Marty Walsh to leave USDOL for hockey players association

What does that mean for hockey?

The news that the National Hockey League Players Association will be hiring U.S. Secretary of Labor Marty Walsh as its Executive Director is interesting. What does his hiring mean for the NHLPA?

Secretary Walsh will be replacing Don Fehr, perhaps the most effective players' union leader in the history of sports. Mr. Fehr has been fighting on behalf of athletes for nearly 50 years. While he was an associate at a Kansas City law firm in the mid-1970s, Mr. Fehr helped represent the Major League Baseball Players Association in the Andy Messersmith/Dave McNally arbitrations and related federal litigation that led to the introduction of free agency into baseball.

In 1977, Mr. Fehr joined the MLB Players Association, where he stayed until 2009, serving as Executive Director for the last 24 years. Although he was villainized by club owners and some fans, Mr. Fehr was highly effective in his role. The union won victories against the clubs after they had engaged in collusion in the 1980s, resisted the league’s efforts to impose a salary cap, and won legal battles that helped end the 1994-95 strike. For his contributions to the business of baseball, Mr. Fehr deserves consideration for the Hall of Fame. But I won’t hold my breath -- it took until 2020 for his legendary predecessor Marvin Miller to be inducted.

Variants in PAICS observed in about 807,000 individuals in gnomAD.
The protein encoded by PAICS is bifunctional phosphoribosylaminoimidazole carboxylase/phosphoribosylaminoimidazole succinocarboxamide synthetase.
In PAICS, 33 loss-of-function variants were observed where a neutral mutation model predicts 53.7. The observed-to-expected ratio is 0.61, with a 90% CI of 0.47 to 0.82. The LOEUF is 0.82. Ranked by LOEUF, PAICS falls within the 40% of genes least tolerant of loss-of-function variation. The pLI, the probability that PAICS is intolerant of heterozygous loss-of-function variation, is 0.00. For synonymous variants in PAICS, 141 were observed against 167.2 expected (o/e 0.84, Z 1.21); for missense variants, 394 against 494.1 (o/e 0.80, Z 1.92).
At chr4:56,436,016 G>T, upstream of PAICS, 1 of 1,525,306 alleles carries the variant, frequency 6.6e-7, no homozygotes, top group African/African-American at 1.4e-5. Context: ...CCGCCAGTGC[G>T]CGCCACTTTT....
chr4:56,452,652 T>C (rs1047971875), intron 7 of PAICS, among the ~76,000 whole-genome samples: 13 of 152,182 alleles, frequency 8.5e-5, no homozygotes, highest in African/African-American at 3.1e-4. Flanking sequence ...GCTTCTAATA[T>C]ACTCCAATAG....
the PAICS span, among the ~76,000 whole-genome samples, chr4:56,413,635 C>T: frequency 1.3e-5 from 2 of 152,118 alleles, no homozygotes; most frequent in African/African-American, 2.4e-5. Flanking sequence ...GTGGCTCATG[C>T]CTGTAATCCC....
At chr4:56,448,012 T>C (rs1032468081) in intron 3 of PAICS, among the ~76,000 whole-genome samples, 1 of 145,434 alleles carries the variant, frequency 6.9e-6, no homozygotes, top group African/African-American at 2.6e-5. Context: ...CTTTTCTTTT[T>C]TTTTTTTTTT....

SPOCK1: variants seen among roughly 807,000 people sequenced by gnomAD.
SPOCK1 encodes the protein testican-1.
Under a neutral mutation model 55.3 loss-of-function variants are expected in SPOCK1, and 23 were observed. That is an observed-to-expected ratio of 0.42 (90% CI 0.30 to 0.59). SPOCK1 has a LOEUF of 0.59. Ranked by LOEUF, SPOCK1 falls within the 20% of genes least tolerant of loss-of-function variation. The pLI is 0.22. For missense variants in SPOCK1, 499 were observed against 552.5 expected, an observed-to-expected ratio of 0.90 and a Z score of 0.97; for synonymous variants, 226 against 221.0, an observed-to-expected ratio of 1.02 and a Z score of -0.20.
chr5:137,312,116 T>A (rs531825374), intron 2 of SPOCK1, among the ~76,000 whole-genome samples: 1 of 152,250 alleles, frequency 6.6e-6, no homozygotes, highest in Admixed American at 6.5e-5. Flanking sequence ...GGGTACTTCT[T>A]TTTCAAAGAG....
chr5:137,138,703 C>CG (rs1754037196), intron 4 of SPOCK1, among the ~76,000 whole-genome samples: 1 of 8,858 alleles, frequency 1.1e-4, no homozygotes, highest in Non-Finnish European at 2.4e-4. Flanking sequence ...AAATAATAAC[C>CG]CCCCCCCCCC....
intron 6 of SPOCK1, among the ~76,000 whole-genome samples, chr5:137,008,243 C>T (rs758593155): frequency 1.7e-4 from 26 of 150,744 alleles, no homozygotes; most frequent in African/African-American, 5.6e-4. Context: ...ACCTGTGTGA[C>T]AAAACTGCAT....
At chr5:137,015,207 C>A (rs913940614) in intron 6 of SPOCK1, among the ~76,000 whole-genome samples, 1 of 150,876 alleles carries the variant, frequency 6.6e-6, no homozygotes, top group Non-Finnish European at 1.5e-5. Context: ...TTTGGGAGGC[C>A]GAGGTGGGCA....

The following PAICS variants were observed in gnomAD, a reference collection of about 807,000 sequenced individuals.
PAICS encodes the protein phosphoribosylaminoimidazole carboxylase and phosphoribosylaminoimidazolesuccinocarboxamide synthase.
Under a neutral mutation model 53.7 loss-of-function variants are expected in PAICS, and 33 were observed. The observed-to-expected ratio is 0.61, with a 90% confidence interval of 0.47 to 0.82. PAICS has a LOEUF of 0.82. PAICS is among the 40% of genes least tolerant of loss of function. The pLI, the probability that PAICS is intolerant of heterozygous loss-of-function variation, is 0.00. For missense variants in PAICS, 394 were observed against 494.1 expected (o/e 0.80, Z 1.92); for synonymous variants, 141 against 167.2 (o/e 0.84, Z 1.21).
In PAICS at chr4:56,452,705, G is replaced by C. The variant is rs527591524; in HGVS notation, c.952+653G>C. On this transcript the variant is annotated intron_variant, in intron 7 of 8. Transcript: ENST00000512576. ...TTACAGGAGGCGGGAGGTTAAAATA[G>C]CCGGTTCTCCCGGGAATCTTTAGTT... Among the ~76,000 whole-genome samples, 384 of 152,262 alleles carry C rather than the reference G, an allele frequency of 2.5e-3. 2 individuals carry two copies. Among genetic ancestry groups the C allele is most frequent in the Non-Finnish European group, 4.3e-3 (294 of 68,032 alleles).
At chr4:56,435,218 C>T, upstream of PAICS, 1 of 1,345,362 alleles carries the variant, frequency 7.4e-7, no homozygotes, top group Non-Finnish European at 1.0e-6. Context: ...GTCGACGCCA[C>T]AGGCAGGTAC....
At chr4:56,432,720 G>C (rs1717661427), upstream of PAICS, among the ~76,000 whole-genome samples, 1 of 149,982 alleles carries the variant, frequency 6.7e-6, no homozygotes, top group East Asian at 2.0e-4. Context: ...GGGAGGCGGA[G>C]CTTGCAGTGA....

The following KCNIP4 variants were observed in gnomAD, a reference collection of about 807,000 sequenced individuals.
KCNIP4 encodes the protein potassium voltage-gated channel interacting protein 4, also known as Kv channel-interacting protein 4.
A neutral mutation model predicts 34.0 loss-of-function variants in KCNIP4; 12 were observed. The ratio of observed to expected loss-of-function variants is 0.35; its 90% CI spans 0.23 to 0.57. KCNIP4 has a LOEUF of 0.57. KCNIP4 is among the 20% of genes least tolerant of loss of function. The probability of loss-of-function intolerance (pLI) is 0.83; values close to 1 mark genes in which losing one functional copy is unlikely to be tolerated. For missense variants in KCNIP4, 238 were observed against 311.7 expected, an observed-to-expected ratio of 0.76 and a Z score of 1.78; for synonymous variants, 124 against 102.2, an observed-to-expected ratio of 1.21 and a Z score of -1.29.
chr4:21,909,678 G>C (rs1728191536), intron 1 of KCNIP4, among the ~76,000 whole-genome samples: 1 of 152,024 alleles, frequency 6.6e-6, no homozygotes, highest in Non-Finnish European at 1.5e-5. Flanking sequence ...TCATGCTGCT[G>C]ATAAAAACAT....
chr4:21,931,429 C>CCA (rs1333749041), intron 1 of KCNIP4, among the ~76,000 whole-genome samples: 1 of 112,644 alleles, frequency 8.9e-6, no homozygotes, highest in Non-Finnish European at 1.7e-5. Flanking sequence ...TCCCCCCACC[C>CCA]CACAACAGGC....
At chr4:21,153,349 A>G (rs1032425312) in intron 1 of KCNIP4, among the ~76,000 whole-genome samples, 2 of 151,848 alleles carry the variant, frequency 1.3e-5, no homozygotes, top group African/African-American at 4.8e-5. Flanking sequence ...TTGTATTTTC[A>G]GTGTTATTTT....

After leaving the baseball players' association, Mr. Fehr went on to hockey, where he has led the NHL Players Association for the past 12 years. His leadership provided a steady and experienced hand to a union with a history of scandals and ineffective leaders.

Will Secretary Walsh be able to do the same? He is not an attorney, but he had two decades of experience as a member and leader of trade unions before becoming mayor of Boston and then Secretary of Labor. At the same time, his tone and approach are certainly different from those of Mr. Fehr. Mr. Fehr is known as quick-witted and pugnacious while Secretary Walsh is an affable dealmaker.

The current collective bargaining agreement between the NHL and the players' association runs through the 2025-26 season, giving Secretary Walsh plenty of time to learn on the job. But then it will be interesting to see the tone of the labor negotiations. This past fall, Secretary Walsh helped broker a deal between freight unions and rail companies that threatened to bring much of national commerce to a halt. But the deal required legislation that some of the unions opposed, which hurt Mr. Walsh's reputation in the labor community.

In particular, I wonder whether we might see a greater role for attorney Jeffrey Kessler and his legal team. Mr. Kessler has worked with every players' union, although most of his work has been with the players' associations for the National Football League and the National Basketball Association, places where Mr. Fehr did not work. Attorney Kessler helped to mastermind the union disclaimer/decertification strategy in labor negotiations that has been used by the NFL and NBA players' associations. Mr. Fehr appears to disfavor this strategy, as the baseball and hockey players' associations have never pursued it.

With Mr. Fehr's departure, the NHL players' association may have to reassert its willingness to drive a hard bargain. No one sends that message better than Mr. Kessler.

Robin Shea has 30 years' experience in employment litigation, including Title VII and the Age Discrimination in Employment Act, the Americans with Disabilities Act (including the Amendments Act). 
Continue Reading



Back to Page